Here’s something that’s super geeky but many Soundslice users will appreciate: we’ve greatly improved our sheet-music drawing engine to do a much better job of positioning things.
Some quick background: all of our notation is positioned automatically, responding to your device’s size and your chosen view preferences (zoom level, hidden elements, etc.). This means our engine needs to be smart at placing the dozens of possible symbols in thousands of possible situations.
The goal is to lay out all the symbols — slurs, articulations, dynamics, fermata, etc. — while avoiding clashes and making the music easy to read.
We’ve historically done an OK job at this, but two challenges have slowly built up over time. First, we’ve continually added support for many more musical symbols — complicating matters for our rendering engine. Second, our customer base has gotten larger and more sophisticated, demanding higher standards and inputting more complicated pieces of music.
We needed to rethink our system — our collision-detection algorithms — from the ground up. And I’m happy to announce that we’ve launched a brand-new engine!
Effective immediately, all music on Soundslice is positioned with our much-improved algorithms. If you’ve created slices, you don’t have to do anything to update them; they’re already using the new system.
In many cases, the improvements are subtle, but here are a few specific examples.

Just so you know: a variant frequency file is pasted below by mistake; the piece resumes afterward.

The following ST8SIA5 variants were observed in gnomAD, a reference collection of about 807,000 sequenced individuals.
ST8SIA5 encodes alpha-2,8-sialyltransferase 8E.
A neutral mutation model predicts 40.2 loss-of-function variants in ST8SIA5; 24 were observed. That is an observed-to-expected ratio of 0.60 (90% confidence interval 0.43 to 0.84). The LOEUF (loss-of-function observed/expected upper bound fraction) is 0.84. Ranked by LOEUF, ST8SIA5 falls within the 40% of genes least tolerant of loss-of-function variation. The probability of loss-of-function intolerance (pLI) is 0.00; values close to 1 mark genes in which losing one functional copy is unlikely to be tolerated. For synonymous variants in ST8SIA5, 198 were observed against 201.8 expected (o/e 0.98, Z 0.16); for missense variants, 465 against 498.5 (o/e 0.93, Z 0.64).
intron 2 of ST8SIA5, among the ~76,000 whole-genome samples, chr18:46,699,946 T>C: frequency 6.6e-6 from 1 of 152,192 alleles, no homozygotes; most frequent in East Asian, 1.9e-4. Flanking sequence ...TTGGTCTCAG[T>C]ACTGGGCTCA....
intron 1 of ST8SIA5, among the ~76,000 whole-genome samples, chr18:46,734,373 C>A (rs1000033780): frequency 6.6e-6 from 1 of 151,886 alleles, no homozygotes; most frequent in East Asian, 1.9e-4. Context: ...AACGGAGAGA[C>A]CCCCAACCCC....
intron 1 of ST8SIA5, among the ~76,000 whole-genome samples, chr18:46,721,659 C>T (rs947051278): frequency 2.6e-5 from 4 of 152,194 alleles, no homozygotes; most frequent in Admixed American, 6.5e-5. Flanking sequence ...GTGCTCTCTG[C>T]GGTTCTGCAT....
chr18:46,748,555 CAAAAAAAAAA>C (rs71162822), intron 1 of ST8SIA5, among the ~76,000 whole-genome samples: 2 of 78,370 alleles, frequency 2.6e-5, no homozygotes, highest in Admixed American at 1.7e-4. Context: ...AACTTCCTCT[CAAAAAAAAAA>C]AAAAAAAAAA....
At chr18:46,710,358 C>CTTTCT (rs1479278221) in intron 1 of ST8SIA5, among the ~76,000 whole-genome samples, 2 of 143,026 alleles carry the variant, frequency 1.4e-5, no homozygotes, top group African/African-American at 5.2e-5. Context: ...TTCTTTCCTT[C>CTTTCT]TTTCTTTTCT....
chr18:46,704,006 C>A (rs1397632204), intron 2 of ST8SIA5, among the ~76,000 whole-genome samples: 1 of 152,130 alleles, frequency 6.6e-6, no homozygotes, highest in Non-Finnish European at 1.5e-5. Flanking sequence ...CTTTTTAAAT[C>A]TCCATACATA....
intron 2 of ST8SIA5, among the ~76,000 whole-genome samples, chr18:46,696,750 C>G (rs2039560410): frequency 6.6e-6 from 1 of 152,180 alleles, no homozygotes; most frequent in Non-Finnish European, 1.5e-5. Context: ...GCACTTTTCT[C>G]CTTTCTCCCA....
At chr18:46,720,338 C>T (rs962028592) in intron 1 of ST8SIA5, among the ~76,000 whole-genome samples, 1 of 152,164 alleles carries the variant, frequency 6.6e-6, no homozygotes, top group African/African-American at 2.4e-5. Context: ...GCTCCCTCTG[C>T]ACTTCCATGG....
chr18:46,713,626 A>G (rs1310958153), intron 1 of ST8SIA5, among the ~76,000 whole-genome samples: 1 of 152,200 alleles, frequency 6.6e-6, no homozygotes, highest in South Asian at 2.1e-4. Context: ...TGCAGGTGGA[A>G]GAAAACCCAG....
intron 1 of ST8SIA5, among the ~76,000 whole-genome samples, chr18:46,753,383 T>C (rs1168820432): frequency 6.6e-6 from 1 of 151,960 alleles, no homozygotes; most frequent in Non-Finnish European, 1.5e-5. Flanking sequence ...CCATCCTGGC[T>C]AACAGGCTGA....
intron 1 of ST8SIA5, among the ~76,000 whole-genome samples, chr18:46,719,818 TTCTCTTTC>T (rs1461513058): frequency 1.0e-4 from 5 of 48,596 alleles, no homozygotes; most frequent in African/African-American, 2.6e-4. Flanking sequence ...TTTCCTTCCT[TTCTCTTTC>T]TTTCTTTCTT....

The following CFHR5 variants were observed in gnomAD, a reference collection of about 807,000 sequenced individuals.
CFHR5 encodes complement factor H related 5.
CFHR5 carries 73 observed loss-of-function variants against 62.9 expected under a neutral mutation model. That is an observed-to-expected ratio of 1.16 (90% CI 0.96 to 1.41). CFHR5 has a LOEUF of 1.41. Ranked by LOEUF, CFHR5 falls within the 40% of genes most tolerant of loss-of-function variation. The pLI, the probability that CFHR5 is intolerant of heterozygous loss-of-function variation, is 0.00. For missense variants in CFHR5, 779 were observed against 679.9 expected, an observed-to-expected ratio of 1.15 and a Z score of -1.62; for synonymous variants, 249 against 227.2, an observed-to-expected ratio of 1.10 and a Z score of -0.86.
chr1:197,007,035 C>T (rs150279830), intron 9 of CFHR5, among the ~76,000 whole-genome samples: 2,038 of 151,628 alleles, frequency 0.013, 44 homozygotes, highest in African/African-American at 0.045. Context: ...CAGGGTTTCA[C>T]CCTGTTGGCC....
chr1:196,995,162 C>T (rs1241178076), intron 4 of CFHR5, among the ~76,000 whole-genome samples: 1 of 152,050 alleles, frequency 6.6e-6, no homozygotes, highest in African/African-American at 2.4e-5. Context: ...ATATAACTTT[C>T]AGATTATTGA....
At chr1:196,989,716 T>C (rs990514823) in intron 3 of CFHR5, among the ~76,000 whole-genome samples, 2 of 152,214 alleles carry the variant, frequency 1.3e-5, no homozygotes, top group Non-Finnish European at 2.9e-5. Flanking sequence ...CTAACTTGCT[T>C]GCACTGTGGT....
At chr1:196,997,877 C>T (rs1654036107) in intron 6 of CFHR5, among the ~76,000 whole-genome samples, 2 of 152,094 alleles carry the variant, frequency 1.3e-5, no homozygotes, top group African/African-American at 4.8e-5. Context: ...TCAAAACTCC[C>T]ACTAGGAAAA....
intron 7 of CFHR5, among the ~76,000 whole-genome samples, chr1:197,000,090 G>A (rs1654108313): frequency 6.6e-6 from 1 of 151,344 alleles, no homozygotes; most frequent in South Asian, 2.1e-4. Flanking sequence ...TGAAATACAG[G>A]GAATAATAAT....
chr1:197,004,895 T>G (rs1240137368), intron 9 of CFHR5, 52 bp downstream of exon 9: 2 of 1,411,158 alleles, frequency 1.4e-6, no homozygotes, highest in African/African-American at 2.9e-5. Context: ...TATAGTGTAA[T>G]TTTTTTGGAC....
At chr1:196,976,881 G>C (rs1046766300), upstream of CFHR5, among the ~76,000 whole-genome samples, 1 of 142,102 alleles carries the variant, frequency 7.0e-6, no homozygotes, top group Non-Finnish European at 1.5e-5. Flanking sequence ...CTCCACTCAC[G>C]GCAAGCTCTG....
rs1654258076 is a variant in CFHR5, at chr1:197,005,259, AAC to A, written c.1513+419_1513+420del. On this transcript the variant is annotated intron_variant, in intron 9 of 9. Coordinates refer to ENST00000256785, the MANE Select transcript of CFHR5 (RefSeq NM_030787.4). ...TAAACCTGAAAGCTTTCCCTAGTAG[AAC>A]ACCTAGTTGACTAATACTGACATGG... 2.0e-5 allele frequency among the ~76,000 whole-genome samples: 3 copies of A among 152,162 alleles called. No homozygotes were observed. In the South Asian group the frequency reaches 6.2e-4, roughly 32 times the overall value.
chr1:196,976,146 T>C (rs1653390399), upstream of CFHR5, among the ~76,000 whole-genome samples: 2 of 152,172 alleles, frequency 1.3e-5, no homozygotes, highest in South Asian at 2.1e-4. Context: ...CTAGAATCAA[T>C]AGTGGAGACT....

Probably the most common noticeable improvement concerns symbols directly above or below notes. All of the dozen-or-so markings you can stack — such as fingerings, articulations, text, trills or bowing directions — are now properly positioned so that they don’t collide:
Our old engine often had problems with slurs especially. We’ve fixed many slur positioning problems:
For music with multiple voices, layout gets particularly complex. We’ve made great progress in this area:
Even in cases where there weren’t collisions, we’ve improved positioning to be tighter and make better use of space. A good example is ottava symbols (8va and 8vb). Previously, they were always allotted a dedicated “row” of space, which could lead to comically large gaps:
Finally, here’s an especially fun one, an extreme edge case that comes from our internal test collection. (The music is nonsensical; this is merely meant to challenge our system.)
Much better! Of course, there’s still more work to do, because music notation is a complex beast. But we’re confident we’ve made some great strides with this update, and we’re in a strong position to continue improving the engine. If you ever find specific music that doesn’t look good in Soundslice, please get in touch with a link or screenshot. Onward!